Good, though it should have noted Cleburne’s status as an immigrant which may have given him less of an investment in the heritage of slavery. Cleburne only arrived in the South as a young man, having grown up in Ireland and having served in the British army.

    • Kevin Levin Jun 13, 2013 @ 15:11

      Good point.

    • Lyle Smith Jun 14, 2013 @ 13:41

      Judah P. Benjamin was an immigrant too. Yet, he was invested in slavery and the Confederacy.

      Jefferson Davis apparently didn’t really disagree with Cleburne’s proposal. He understood the political ramifications of it and therefore suppressed the proposal, but as a practical matter he wasn’t necessarily against it.

      Division and Corps level Generals Hardee, Cheatham, and Hindman all declared or signed in support of the document. And although Cleburne was not ever promoted to Corps command, Cheatham who out ranked him in their Corps, was promoted to Corps command as endorsed by Hardee.

      Some Confederates were beginning to think of a Confederacy without slaves maybe.

      • Pat Young Jun 14, 2013 @ 15:37

        Not sure of your point Lyle. Benjamin was 2 when his parents brought him from St. Croix, which had slavery, to North Carolina which had slavery. He later moved to South Carolina, also a slave state. As a teenager, he moved to New Orleans, a center of slavery in the lower south, and he owned slaves as a young man.

        My point was not that being born outside the U.S. makes someone an abolitionist.

        • Lyle Smith Jun 14, 2013 @ 17:34

          My point is that I’m not sure how much Cleburne being an immigrant contributed to his proposal. Cheatham, for example, was a native born slave owner (or had been) and he signed the proposal (one of 14 Generals and Colonels – some of whom most have also owned slaves).

          I don’t disagree with you that many immigrants weren’t invested in slavery. Most weren’t. And I think it’s a fair question to ask about Cleburne. I’m just not convinced it had anything to do with it, although I concede that it might have.

          • Pat Young Jun 14, 2013 @ 18:29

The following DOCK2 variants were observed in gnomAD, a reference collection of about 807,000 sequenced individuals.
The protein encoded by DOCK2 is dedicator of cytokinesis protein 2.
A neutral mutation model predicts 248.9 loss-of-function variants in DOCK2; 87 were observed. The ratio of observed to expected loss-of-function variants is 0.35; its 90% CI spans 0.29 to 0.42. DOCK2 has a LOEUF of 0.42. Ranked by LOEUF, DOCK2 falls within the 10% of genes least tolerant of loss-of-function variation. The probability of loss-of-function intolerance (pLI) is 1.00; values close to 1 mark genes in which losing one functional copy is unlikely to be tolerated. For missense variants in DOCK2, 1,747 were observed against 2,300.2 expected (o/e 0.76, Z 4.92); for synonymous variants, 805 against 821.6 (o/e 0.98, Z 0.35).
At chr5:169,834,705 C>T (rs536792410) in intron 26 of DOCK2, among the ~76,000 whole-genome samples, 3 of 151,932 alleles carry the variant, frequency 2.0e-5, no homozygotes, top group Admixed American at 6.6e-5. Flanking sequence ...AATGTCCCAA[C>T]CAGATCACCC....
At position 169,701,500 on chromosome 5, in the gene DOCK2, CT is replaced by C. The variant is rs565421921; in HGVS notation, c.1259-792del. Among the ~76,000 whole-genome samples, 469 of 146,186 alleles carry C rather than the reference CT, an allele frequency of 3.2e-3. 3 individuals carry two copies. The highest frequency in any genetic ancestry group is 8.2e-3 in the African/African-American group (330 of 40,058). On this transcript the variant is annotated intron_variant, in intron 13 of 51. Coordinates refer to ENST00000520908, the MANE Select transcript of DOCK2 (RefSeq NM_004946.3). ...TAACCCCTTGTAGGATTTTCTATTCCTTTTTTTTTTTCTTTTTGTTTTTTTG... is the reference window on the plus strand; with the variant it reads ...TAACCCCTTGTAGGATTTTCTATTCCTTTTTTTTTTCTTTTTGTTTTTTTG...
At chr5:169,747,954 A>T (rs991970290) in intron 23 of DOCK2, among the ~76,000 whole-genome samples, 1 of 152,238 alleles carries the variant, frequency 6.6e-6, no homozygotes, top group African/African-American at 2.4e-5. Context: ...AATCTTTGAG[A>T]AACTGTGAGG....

I’ll look into a bit more. It strikes me that he was the only Maj. or Lt. General in the Confederacy born and raised in another country, if I recall correctly, and the only man of that high rank to try to organize others to pursue what was a radical proposal. Recall that this was more than idle camp chatter. The fact that other men joined him after he made the proposal does not diminish his unique position.

            • Lyle Smith Jun 14, 2013 @ 20:11

              Camille de Polignac, who was French, was also a Major General. There were a couple of other foreign born/immigrant Brigadier Generals, like Collet Leventhorpe and Joseph Finegan.

              I think the fact that others in camp were convinced by Cleburne, or agreed with him and encouraged him, diminishes how unique an argument it was.

              This New York Times article suggests there were earlier arguments of arming of slaves before Cleburne’s proposal.


              • Kevin Levin Jun 15, 2013 @ 3:26

                You can find calls as early as 1861 for the arming of slaves. Richard Ewell was one of the earliest advocates.

              • Pat Young Jun 15, 2013 @ 5:09

                Good reminder on Camille de Polignac, Lyle. I had thought of him as someone who came to the South to fight in the war, but I see that he had entered the US in 1860. Since he was a believer in absolute monarchism before he came here, perhaps his formative experiences were important in shaping his support for the Confederacy

              • Lyle Smith Jun 15, 2013 @ 7:51

                I think I’ve read about Ewell before or some others. It’s not easy to quickly find a source on the internet.

                I don’t know much about De Polignac and why exactly he became a Confederate, other than he was in New Orleans or south Louisiana at the time of secession. His French political views may have helped sway him.